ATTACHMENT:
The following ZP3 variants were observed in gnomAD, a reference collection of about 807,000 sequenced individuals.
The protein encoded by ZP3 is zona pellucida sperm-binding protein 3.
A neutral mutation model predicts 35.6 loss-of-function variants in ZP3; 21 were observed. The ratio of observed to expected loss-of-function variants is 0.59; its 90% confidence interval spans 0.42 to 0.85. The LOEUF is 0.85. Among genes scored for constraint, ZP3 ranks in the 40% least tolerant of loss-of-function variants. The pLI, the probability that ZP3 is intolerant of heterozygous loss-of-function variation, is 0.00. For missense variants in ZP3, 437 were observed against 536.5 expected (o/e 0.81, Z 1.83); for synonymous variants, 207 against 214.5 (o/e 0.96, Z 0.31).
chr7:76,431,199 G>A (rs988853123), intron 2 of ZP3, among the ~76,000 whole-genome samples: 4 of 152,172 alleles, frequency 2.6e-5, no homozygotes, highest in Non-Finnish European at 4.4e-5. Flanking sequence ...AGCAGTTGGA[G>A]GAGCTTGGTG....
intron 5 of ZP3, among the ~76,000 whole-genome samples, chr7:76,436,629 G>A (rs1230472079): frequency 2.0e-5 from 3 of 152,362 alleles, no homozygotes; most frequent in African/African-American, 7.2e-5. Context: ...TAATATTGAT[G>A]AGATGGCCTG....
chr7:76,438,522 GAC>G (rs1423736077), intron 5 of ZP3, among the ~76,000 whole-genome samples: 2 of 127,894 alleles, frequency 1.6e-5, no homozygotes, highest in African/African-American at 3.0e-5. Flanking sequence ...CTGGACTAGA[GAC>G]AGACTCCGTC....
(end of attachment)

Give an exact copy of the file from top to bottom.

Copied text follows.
The following ZP3 variants were observed in gnomAD, a reference collection of about 807,000 sequenced individuals.
The protein encoded by ZP3 is zona pellucida sperm-binding protein 3.
A neutral mutation model predicts 35.6 loss-of-function variants in ZP3; 21 were observed. The ratio of observed to expected loss-of-function variants is 0.59; its 90% confidence interval spans 0.42 to 0.85. The LOEUF is 0.85. Among genes scored for constraint, ZP3 ranks in the 40% least tolerant of loss-of-function variants. The pLI, the probability that ZP3 is intolerant of heterozygous loss-of-function variation, is 0.00. For missense variants in ZP3, 437 were observed against 536.5 expected (o/e 0.81, Z 1.83); for synonymous variants, 207 against 214.5 (o/e 0.96, Z 0.31).
chr7:76,431,199 G>A (rs988853123), intron 2 of ZP3, among the ~76,000 whole-genome samples: 4 of 152,172 alleles, frequency 2.6e-5, no homozygotes, highest in Non-Finnish European at 4.4e-5. Flanking sequence ...AGCAGTTGGA[G>A]GAGCTTGGTG....
intron 5 of ZP3, among the ~76,000 whole-genome samples, chr7:76,436,629 G>A (rs1230472079): frequency 2.0e-5 from 3 of 152,362 alleles, no homozygotes; most frequent in African/African-American, 7.2e-5. Context: ...TAATATTGAT[G>A]AGATGGCCTG....
chr7:76,438,522 GAC>G (rs1423736077), intron 5 of ZP3, among the ~76,000 whole-genome samples: 2 of 127,894 alleles, frequency 1.6e-5, no homozygotes, highest in African/African-American at 3.0e-5. Flanking sequence ...CTGGACTAGA[GAC>G]AGACTCCGTC....